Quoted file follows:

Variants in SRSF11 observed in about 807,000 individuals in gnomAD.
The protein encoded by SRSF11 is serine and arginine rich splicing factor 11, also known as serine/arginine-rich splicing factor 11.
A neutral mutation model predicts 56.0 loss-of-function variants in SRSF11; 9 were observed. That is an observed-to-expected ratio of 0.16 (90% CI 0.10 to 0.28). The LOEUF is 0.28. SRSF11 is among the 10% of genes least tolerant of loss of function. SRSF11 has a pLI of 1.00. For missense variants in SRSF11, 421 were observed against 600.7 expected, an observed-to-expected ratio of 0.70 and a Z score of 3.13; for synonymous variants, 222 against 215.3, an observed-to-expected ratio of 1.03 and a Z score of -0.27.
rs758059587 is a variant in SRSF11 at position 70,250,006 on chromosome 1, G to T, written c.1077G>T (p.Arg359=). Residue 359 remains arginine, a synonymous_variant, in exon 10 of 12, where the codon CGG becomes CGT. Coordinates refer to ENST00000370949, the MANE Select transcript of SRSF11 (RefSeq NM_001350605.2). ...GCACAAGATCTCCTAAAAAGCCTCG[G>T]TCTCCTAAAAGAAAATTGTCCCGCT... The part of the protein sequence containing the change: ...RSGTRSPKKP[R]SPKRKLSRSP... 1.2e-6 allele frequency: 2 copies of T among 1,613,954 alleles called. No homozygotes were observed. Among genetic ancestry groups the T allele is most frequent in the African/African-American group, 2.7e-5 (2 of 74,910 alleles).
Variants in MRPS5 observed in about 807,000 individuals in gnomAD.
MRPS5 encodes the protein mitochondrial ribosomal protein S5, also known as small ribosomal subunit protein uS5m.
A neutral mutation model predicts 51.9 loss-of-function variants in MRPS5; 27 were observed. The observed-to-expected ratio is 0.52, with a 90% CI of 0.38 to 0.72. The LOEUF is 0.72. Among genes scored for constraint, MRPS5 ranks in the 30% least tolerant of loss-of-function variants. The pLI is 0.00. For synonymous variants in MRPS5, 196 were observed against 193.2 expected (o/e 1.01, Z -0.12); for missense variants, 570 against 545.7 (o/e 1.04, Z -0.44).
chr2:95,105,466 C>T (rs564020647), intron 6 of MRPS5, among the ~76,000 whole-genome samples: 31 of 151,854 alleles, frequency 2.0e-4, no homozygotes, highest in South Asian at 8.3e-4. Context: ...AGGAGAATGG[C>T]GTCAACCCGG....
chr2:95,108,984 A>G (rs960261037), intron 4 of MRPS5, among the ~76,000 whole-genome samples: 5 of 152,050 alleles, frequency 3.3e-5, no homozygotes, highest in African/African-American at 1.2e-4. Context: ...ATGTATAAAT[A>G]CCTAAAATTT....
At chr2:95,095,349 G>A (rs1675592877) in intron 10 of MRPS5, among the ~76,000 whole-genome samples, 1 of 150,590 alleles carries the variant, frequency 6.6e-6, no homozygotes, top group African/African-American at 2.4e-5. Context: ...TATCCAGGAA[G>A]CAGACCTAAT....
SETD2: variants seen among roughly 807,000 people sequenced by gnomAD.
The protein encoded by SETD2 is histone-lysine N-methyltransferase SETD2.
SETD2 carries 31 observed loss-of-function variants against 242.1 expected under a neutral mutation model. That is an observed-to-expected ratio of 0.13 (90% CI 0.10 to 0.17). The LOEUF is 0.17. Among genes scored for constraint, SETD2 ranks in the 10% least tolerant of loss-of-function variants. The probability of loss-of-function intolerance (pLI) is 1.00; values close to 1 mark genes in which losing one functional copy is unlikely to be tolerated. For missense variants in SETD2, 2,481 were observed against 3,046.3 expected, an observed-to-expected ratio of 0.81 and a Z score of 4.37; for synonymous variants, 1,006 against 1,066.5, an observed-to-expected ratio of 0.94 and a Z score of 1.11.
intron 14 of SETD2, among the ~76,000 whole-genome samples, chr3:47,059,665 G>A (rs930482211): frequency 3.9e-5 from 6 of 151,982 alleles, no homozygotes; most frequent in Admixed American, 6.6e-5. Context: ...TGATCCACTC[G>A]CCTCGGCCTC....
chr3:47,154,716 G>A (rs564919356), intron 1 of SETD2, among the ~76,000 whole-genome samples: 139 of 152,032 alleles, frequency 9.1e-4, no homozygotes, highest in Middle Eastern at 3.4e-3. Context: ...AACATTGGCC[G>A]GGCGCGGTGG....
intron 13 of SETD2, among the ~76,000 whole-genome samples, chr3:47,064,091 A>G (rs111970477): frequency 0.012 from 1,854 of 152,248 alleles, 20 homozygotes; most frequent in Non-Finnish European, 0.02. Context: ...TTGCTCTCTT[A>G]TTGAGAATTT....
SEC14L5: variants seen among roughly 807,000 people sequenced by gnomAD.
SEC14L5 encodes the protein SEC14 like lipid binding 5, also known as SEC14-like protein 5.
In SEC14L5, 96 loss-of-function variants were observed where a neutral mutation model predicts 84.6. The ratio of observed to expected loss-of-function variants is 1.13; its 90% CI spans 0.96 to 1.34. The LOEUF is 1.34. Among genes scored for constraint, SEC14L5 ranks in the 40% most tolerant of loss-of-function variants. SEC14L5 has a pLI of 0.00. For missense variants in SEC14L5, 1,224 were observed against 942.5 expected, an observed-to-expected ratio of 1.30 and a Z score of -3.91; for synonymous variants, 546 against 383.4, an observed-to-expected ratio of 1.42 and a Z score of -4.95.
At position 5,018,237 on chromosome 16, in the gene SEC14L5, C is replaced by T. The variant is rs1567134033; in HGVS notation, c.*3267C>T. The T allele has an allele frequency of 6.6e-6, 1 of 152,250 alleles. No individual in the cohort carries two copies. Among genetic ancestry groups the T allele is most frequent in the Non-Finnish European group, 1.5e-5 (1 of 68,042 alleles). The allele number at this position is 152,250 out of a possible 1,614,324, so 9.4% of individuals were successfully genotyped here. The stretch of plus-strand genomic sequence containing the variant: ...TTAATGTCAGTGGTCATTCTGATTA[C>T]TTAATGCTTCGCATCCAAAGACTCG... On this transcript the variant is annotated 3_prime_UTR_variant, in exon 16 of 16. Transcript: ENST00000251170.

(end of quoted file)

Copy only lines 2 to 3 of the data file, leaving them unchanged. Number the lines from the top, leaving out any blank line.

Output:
The protein encoded by SRSF11 is serine and arginine rich splicing factor 11, also known as serine/arginine-rich splicing factor 11.
A neutral mutation model predicts 56.0 loss-of-function variants in SRSF11; 9 were observed. That is an observed-to-expected ratio of 0.16 (90% CI 0.10 to 0.28). The LOEUF is 0.28. SRSF11 is among the 10% of genes least tolerant of loss of function. SRSF11 has a pLI of 1.00. For missense variants in SRSF11, 421 were observed against 600.7 expected, an observed-to-expected ratio of 0.70 and a Z score of 3.13; for synonymous variants, 222 against 215.3, an observed-to-expected ratio of 1.03 and a Z score of -0.27.